Furie, Homer Electric Assn. agree to amended gas deal
Homer Electric Association members could soon see the benefit from a renegotiated natural gas supply contract that will save the Kenai Peninsula power cooperative more than $2.1 million.
HEA filed an amendment on Aug. 28 with the Regulatory Commission of Alaska to the gas sales agreement it signed with Cook Inlet producer Furie Operating Alaska in 2015.
The two-year contract ended Dec. 31, 2018, but HEA exercised a one-year option to continue the contract through this year. An option for gas in 2020 was not picked up.
The amendment, which has an effective date of May 24, calls for HEA to receive credit totaling $1.7 million for gas purchases through May 2019. The utility would see another $462,000 in gas price reductions for the 2.2 billion cubic feet, or bcf, of gas it expects to purchase from Furie through the end of the year.
Furie has had a rough 2019.
In January the small Texas-based producer started having methane freeze-up problems in the pipelines on the new Julius R platform it operates in the Inlet, which prevented Furie from delivering gas to its customers, HEA and Enstar Natural Gas, for more than a month to each last winter. By late June Furie had resumed gas production, but not at volumes sufficient to meet its commitments.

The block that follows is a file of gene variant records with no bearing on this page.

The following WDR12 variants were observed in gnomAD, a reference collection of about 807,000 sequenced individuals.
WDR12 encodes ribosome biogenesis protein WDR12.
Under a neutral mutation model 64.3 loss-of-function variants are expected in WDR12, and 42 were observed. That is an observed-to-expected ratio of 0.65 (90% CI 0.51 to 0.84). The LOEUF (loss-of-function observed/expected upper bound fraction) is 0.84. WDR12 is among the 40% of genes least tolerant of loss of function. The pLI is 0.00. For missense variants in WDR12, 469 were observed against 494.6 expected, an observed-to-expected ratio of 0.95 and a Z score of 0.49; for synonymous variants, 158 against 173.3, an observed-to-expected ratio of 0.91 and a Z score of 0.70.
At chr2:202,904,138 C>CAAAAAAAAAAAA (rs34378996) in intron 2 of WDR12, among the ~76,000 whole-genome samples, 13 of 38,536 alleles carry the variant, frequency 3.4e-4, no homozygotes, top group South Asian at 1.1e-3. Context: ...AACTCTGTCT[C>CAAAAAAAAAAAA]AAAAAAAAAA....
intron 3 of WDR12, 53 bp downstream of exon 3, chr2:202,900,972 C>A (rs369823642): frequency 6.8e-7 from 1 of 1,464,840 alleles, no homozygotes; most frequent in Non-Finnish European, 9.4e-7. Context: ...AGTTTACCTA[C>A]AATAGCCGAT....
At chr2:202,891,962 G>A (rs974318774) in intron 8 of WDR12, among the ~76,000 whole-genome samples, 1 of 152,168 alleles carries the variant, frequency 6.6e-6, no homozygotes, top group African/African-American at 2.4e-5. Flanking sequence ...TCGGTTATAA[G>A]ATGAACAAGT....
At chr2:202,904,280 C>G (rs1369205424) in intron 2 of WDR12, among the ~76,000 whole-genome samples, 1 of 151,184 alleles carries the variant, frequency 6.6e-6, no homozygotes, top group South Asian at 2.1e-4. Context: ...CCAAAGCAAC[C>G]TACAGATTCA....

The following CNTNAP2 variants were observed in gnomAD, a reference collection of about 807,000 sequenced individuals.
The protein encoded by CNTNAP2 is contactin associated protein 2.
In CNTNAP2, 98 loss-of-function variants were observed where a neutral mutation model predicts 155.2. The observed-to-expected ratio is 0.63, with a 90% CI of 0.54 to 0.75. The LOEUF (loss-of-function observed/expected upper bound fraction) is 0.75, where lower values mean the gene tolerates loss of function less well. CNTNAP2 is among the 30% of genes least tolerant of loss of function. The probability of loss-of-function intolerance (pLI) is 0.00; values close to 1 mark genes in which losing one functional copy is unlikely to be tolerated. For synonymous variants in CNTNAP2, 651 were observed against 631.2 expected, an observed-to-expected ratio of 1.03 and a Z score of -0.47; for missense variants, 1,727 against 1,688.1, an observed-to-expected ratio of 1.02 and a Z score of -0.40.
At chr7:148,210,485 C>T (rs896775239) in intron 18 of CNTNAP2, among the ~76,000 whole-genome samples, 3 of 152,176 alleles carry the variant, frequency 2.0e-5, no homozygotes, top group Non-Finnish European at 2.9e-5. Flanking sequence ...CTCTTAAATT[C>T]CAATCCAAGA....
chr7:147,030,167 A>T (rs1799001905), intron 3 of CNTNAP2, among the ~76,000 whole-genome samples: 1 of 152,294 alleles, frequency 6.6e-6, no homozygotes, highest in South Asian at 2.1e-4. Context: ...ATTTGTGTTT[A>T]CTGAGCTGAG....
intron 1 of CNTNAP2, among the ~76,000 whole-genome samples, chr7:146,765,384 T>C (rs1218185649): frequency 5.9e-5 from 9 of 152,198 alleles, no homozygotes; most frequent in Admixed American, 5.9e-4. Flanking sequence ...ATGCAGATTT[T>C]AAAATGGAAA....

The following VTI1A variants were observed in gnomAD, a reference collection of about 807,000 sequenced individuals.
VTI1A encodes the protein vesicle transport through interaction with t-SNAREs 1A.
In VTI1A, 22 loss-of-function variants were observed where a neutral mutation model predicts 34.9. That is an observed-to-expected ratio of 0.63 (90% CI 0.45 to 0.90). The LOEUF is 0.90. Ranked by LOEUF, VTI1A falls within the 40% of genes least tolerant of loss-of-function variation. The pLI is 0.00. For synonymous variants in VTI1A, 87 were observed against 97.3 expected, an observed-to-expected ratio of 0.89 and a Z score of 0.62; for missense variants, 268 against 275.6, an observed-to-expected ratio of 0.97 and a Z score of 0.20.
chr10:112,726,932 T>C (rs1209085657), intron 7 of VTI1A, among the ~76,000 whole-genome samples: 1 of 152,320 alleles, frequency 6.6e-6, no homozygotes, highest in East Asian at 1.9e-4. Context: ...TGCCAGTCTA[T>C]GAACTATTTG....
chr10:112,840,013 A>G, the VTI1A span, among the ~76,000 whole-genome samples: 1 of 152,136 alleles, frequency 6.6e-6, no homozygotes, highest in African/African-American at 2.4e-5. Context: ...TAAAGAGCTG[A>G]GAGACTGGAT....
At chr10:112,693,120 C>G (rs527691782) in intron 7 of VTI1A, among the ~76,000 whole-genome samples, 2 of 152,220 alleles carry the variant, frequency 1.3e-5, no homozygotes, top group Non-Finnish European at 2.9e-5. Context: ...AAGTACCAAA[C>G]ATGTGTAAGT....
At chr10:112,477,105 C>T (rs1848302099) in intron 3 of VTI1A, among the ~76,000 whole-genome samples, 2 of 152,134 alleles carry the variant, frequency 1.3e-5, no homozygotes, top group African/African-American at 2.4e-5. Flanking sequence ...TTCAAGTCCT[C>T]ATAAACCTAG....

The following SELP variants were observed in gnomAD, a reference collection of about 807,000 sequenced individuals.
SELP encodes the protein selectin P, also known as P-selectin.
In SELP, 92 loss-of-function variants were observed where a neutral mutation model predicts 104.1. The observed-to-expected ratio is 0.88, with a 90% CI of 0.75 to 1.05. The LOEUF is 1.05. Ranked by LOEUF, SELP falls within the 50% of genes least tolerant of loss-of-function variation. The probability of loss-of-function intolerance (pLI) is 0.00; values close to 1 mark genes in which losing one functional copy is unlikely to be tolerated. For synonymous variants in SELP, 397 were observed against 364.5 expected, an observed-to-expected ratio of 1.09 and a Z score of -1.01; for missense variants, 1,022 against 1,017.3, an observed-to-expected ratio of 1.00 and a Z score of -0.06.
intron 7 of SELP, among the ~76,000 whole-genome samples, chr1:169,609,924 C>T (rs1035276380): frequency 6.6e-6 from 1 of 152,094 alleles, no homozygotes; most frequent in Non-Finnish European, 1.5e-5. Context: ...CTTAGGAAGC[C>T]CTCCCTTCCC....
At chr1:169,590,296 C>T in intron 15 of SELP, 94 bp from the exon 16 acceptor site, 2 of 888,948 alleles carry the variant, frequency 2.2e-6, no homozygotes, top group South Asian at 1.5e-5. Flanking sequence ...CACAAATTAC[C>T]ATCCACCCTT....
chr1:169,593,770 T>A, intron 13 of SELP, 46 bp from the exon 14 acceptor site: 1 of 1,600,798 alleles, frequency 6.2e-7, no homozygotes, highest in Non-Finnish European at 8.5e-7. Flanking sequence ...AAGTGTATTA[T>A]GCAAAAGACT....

HEA Manager of Fuel Supply and Renewable Energy Mikel Salzetti said the $2.1 million in savings does not correlate to the premium it had to pay to find interim gas when Furie’s supply failed. The additional cost for the short-term supply was less than and unrelated to the $2.1 million credit, Salzetti said.
Furie is HEA’s only firm supplier.
Furie officials did not respond to requests for comment.
HEA’s decision not to pick up the 2020 option on its contract with Furie was made in mid-2018, before the recent supply issues, according to the RCA filing.
Salzetti said the utility just put out an RFP to Cook Inlet producers and found enough other supply options to go back out to the market.
On Aug. 9 Furie filed for Chapter 11 bankruptcy in a Delaware federal bankruptcy court. The filings claim the company has about $450 million in debt and its assets are valued at between $10 million and $50 million.
The company also cited $105 million in tax credits it is still owed by the State of Alaska.
Elwood Brehmer can be reached at [email protected].